Did you know that, every single day, SCAD prominently displays thousands of works of preeminent student and alumni art from the university’s private view collection within and around more than 100 buildings on two continents? Truth! Spectacular sculptures, paintings, photographs and more from our 14,000-work collection are on view at SCAD locations in Atlanta, Savannah, and Lacoste, France — and that’s in addition to the SCAD Museum of Art’s 4,500-work permanent collection. …


Image for post
Image for post
Opening Night of the 2019 SCAD Savannah Film Festival

Grab your popcorn and get ready for an all-access pass to SCAD Savannah Film Festival 2020! This year, we’re transporting the big screen to your screen. In a season of firsts, our 23rd annual Film Fest takes a plot twist that even the director didn’t anticipate — the festival’s virtual debut, with more than 170 screenings, industry panels and In Conversation sessions available to watch wherever you are in the world! So, get ready to settle into your seats and sofas. …


Image for post
Image for post

“Another rainy day,” U.S. Army Cpl. Paul E. Poetter — my father — wrote home on September 16, 1945, from the Philippines. “As if that wasn’t enough, they have me on K.P. duty today,” he continued, his prose painting a smile-and-shrug. What can you do?! Yet, greasy pots and pans (K.P. duty — “kitchen patrol” — forever the G.I.’s gripe) would not spoil his mood. More than 8,500 miles from home, Cpl. Poetter sought a silver lining and summoned a grin: “Well, it could have been worse. It could have come tomorrow on my birthday. …


Image for post
Image for post
A photo of me and my father, proud U.S. Army veteran Paul E. Poetter.

On a Sunday in the Philippines, U.S. Army Cpl. Paul E. Poetter wrote his sweetheart with breaking news. “I just heard the radio broadcast of the signing of the surrender,” Cpl. Poetter — my father — scribbled in the letter, bound for Mississippi, addressed to Willie Mae Lewis, my mother. “Both MacArthur’s and the President’s speeches were good. It made me feel I would get home shortly after the first of the year.”

Pride and optimism poured from my father’s pen that day, September 2, 1945. Gen. Douglas MacArthur’s and President Harry S. Truman’s remarks resounded hours after Japan’s official surrender, signed on a cool, gray morning in Tokyo Bay, filled with more than 200 vessels from the U.S. Navy’s 3rd Fleet. From the deck of the USS Missouri, where the ceremony concluded, CBS reporter Webley Edwards’ voice filled the airwaves: “Ladies and gentlemen of the world, as if God himself approves, the clouds have broken away, and the sun has come out in these first moments of peace.” …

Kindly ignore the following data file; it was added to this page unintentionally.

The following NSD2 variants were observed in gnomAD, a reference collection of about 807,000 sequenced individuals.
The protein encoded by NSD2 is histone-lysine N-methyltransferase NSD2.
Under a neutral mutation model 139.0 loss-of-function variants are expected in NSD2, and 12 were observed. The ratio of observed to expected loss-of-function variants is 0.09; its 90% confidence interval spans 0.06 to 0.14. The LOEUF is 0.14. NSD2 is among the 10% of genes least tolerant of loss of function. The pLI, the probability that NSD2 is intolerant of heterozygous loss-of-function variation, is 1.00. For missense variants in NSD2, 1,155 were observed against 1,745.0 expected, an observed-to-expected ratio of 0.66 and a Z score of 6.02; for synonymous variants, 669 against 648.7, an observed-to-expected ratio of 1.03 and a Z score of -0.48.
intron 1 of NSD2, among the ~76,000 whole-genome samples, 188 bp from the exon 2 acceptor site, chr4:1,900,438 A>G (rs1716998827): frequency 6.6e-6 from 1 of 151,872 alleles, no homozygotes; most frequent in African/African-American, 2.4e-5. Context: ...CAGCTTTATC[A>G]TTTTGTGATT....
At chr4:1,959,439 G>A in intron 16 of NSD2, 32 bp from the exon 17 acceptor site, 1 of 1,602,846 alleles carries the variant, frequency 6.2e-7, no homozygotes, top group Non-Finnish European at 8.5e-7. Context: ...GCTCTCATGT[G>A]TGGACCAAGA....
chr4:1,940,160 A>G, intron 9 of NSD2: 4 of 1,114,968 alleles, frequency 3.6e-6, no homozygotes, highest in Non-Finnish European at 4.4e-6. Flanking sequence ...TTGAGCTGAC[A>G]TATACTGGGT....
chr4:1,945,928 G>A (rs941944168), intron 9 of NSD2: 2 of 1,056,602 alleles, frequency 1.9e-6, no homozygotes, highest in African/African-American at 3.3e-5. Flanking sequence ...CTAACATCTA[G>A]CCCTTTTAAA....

Image for post
Image for post
“Feather Study #3” by SCAD alumna Taylor Curry (B.F.A., photography, 2012)

In the early weeks of the 2020 pandemic, as people pecked keyboards and entered COVID queries into Google, curious souls around the world furrowed their brows when their web pages loaded — wait for it — pictures of crows. And rooks. And ravens. And other corvids — birds in the corvidae family. Typos abounded, and search results for crows spiked. What a difference an “R” makes!

Indeed, crows had a moment in March, and they’ve continued to delight throughout the pandemic. A “For the Birds” column in the Santa Fe New Mexican sported the headline, “Raucous corvids bring joy in time of COVID.” (“We’re focusing today on corvids, not COVID,” columnist Anne Schmauss wrote to open the piece — clearly, she knew her readers needed respite.) Renowned painter Kerry James Marshall recently earned praise in The New York Times for his artful reimagination — with crows as centerpiece — of James Audubon’s Birds of America. (More on this later.) And in our daily lives — meaning COVID-19, work-from-home, live-at-work, and all the other curveballs of 2020 — we can mirror crows’ adaptability. …

About

Paula Wallace

Designer. Author. President and Founder of the Savannah College of Art and Design (SCAD) || http://scad.edu || http://instagram.com/paulaswallace

Get the Medium app

A button that says 'Download on the App Store', and if clicked it will lead you to the iOS App store
A button that says 'Get it on, Google Play', and if clicked it will lead you to the Google Play store